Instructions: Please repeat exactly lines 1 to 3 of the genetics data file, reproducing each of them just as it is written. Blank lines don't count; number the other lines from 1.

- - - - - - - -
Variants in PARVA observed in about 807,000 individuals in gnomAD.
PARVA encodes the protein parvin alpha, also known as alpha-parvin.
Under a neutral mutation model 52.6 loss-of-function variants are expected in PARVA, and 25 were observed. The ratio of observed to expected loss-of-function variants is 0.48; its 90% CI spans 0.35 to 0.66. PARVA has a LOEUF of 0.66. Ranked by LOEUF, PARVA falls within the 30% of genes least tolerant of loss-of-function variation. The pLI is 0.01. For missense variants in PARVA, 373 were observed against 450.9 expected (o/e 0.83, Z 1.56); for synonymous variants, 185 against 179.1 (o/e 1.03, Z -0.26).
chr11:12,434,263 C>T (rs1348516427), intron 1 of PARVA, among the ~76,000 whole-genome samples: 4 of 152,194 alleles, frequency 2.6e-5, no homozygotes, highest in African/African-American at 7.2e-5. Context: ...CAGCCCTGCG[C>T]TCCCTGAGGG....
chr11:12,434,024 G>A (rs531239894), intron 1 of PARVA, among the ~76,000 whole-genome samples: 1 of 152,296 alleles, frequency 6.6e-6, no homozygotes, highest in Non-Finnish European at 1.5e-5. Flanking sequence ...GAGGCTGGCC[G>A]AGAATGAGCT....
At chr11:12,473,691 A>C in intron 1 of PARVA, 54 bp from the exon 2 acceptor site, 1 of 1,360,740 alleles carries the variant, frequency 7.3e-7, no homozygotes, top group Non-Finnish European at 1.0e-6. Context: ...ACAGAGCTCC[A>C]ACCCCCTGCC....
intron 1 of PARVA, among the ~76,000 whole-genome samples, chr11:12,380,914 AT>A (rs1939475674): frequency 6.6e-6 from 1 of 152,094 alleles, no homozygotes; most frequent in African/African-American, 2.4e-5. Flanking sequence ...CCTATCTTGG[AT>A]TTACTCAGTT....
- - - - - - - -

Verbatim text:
Variants in PARVA observed in about 807,000 individuals in gnomAD.
PARVA encodes the protein parvin alpha, also known as alpha-parvin.
Under a neutral mutation model 52.6 loss-of-function variants are expected in PARVA, and 25 were observed. The ratio of observed to expected loss-of-function variants is 0.48; its 90% CI spans 0.35 to 0.66. PARVA has a LOEUF of 0.66. Ranked by LOEUF, PARVA falls within the 30% of genes least tolerant of loss-of-function variation. The pLI is 0.01. For missense variants in PARVA, 373 were observed against 450.9 expected (o/e 0.83, Z 1.56); for synonymous variants, 185 against 179.1 (o/e 1.03, Z -0.26).